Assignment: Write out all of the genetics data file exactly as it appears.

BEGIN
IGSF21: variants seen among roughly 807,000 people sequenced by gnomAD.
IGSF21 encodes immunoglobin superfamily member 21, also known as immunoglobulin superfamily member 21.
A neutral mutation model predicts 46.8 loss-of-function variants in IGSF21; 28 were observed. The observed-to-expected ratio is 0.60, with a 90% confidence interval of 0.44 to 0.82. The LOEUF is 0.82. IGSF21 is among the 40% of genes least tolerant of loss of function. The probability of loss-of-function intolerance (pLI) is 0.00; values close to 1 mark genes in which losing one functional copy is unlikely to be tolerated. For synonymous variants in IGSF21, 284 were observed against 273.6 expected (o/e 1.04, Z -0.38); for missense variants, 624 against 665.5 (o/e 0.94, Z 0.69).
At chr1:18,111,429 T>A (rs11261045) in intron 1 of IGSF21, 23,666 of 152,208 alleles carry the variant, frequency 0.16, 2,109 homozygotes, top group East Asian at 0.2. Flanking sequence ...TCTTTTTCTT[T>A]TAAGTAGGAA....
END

IGSF21: variants seen among roughly 807,000 people sequenced by gnomAD.
IGSF21 encodes immunoglobin superfamily member 21, also known as immunoglobulin superfamily member 21.
A neutral mutation model predicts 46.8 loss-of-function variants in IGSF21; 28 were observed. The observed-to-expected ratio is 0.60, with a 90% confidence interval of 0.44 to 0.82. The LOEUF is 0.82. IGSF21 is among the 40% of genes least tolerant of loss of function. The probability of loss-of-function intolerance (pLI) is 0.00; values close to 1 mark genes in which losing one functional copy is unlikely to be tolerated. For synonymous variants in IGSF21, 284 were observed against 273.6 expected (o/e 1.04, Z -0.38); for missense variants, 624 against 665.5 (o/e 0.94, Z 0.69).
At chr1:18,111,429 T>A (rs11261045) in intron 1 of IGSF21, 23,666 of 152,208 alleles carry the variant, frequency 0.16, 2,109 homozygotes, top group East Asian at 0.2. Flanking sequence ...TCTTTTTCTT[T>A]TAAGTAGGAA....